Locking a rate is a key tactic in this inflationary environment.
By JEFF LAZERSON | firstname.lastname@example.org | MortgageGrader.com | October 18, 2022
* Article originally posted in Orange County Register on October 13, 2022
As mortgage rates rise to nearly 7% this week. Home shoppers desperate to somehow keep payment affordability within reach will be relieved to know mortgage brokers may be able to offer viable solutions.
In industry speak, we call it “lock and shop.”
Homebuyers can get pre-approved, lock in a mortgage rate for 150 days and then go find their dream home.
It’s the best protection against mortgage-rate inflation, in my view. After all, the 30-year Freddie rate was 3.22% in January compared with 6.92 today.
The lock program offers no upfront fees. Stunningly, there are no mandated advanced deposit fees for this unusually long upfront rate lock. This is the first time in my career I’ve ever seen anything like this. If you were able to find a long calendar rate lock at all, it almost always required an advance non-refundable deposit.
If mortgage rates happen to drop before a buyer gets their loan docs completed, a rate float-down is available, too. Clearly, the upfront, locked price will cost more than say a typical 30-day rate lock. Think of a certificate of deposit but in reverse. The longer the lock the more it pays (or in this case costs).
On new home builds, a slightly different program is available for buyers with a signed contract in hand. Buyers can lock a rate upfront for six months and pay a one-half point (of the loan amount) as a nonrefundable deposit. For example, on a $600,000 loan, it’s $3,000. Or lock upfront for a year and pay a 1% advanced deposit.
Last week, I wrote about a step-up, two-year temporary rate buydown. To my astonishment, I found a 3-year rate buydown.
Here’s an example: On a $647,200 loan amount, a buyer would have a $3,043 principal and interest year-one payment on a 3.875% interest rate. For year two, the monthly payment would be $3,425 with a 4.875% rate. By year three, the buyer would be at $3,828 and 5.875%. Years four through 30 would rise to $4,252 at 6.875% The temporary buydown subsidy would cost $29,497. Either the seller or the realty agents or all parties could pony this up. The loan origination fee for the basic 6.875% rate would be roughly $647,200 or 1% of the loan amount.
Besides increased affordability, the beauty of the buydown is any remaining subsidy is credited back to the homeowner should they refinance in the first 47 months of the mortgage.
My bet is mortgage rates will come crashing down at some point next year as a recession looms.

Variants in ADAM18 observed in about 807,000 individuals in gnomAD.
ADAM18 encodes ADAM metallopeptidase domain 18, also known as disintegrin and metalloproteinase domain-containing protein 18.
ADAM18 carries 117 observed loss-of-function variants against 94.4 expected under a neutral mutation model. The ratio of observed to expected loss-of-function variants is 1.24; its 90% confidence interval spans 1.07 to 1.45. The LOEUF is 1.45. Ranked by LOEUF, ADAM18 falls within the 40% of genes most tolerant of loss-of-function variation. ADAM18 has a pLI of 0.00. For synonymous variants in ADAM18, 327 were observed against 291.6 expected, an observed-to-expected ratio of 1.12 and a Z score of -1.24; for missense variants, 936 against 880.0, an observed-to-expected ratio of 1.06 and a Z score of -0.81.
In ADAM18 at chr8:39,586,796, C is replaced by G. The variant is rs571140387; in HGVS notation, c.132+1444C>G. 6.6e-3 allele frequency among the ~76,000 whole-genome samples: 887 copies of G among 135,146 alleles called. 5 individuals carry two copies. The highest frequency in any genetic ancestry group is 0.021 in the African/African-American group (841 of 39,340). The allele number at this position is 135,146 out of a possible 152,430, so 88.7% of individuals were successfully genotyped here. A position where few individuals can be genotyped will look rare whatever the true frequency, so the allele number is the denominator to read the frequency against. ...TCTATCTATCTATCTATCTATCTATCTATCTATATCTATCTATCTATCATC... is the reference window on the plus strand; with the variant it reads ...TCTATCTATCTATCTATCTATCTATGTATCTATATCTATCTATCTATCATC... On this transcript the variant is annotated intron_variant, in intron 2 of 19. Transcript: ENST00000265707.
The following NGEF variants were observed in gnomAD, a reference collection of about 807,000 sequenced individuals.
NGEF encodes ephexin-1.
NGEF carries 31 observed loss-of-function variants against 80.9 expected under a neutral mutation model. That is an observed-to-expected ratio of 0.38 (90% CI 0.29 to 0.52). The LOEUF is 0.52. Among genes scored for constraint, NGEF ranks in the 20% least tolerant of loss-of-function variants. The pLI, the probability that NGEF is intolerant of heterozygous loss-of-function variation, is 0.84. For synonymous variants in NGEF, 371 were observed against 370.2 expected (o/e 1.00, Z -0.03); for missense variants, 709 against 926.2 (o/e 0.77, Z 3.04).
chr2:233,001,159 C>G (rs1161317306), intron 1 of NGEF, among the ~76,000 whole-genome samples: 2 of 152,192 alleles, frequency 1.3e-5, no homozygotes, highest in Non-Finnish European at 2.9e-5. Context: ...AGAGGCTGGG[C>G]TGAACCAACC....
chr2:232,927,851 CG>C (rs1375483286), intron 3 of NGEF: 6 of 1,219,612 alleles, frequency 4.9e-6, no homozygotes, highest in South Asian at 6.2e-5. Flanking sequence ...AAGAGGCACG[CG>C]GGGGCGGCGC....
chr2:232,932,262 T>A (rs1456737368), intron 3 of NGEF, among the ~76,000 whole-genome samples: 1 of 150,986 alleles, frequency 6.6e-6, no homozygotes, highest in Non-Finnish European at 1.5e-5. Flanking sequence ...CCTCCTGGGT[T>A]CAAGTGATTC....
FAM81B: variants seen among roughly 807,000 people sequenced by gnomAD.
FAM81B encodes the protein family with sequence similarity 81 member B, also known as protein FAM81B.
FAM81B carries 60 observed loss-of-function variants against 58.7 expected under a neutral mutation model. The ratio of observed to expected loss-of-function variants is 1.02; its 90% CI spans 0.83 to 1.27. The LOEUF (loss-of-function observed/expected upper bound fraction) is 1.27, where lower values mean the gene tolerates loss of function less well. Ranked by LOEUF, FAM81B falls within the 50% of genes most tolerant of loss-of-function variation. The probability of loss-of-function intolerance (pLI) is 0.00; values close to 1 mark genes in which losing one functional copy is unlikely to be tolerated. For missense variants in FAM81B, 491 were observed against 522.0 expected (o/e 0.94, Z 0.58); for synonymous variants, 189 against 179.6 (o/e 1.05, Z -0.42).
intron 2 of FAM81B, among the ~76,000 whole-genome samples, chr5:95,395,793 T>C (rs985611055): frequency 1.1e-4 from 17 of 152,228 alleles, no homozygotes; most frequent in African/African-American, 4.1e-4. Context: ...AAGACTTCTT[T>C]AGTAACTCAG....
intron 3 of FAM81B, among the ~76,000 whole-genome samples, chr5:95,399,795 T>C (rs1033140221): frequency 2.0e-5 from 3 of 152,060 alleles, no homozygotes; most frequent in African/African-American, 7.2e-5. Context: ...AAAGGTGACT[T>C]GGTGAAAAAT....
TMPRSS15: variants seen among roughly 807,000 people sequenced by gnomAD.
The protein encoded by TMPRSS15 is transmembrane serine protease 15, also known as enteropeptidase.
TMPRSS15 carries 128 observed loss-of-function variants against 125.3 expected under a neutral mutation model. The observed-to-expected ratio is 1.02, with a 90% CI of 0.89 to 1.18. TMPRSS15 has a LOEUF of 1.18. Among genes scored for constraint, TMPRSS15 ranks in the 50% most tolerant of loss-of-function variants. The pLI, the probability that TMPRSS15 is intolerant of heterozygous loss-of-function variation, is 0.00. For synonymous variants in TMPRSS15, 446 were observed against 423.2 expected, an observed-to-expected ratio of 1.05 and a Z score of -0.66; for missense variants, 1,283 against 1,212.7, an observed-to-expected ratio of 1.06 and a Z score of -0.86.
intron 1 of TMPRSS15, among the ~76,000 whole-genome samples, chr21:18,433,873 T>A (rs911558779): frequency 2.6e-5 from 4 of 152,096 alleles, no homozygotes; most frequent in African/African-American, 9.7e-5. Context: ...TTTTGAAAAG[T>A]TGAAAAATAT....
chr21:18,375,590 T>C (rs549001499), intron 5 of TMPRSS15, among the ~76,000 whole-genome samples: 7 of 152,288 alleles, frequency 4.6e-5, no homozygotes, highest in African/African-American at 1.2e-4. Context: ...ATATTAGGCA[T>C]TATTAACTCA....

Recently, I attended the National Association of Mortgage Brokers annual convention in Las Vegas. It’s where I heard details on the lock-and-shop programs. Please indulge me as I take you through some of the things I learned or observed at the convention.
NAMB’s president Ernest Jones Jr. told me this year’s convention attendance was 2,101. NAMB, by the way, has 40,000 members. Plus, one (me).
Jones convinced me to revive my membership. It’s the first time I’ve renewed it in about 17 years. I stopped supporting the organization because I was disgusted with the mortgage industry’s predatory lending shenanigans for which NAMB stayed quiet.
Now that I’m a card-carrying member of NAMB, I’ve got some suggestions for Jones and his team.
First, they need a dress code at conferences. Sadly, some attendees in Vegas showed up looking look they just came in from mowing the lawn. Members of the public, government officials, policymakers, investors and potential new industry recruits attend these events. Dress appropriately!
Perhaps worse was the swearing by the invited speakers. There is simply no place for speakers to drop f-bombs or the like. This shows no class. Professional organizations can’t have this and be respected.
My most adrenaline-filled moment of the convention was when I met a former Angels player. Retired pitcher Ernesto Frieri had his back to me as I approached his company’s (Irvine-based Loanwyse) booth. Frieri turned and almost tackled me as he introduced himself and his company. He is well on his way to being an excellent mortgage closer, too.
Freddie Mac rate news: The 30-year fixed rate averaged 6.92%, its highest level since April 2002 and 26 basis points higher than last week. The 15-year fixed rate averaged 6.06%, 16 basis points higher than last week.
The Mortgage Bankers Association reported a 2% mortgage application decrease from the previous week.
Bottom line: Assuming a borrower gets the average 30-year fixed rate on a conforming $647,200 loan, last year’s payment was $1,525 less than this week’s payment of $4,271.
What I see: Locally, well-qualified borrowers can get the following fixed-rate mortgages with one point: A 30-year FHA at 5.75%, a 15-year conventional at 5.375%, a 30-year conventional at 6.125%, a 15-year conventional high balance ($647,201 to $970,800) 6.5%, a 30-year high balance conventional at 6.99% and a jumbo 30-year purchase, fixed at 6.125%.
Note: The 30-year FHA conforming loan is limited to loans of $562,350 in the Inland Empire and $647,200 in Los Angeles and Orange counties.
Eye catcher loan program of the week: A 30-year jumbo purchase mortgage locked at 6.25% for the first seven years, interest-only without points.
Jeff Lazerson is a mortgage broker. He can be reached at 949-334-2424 or email@example.com.
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Jeff Lazerson - Mortgage Columnist since 2011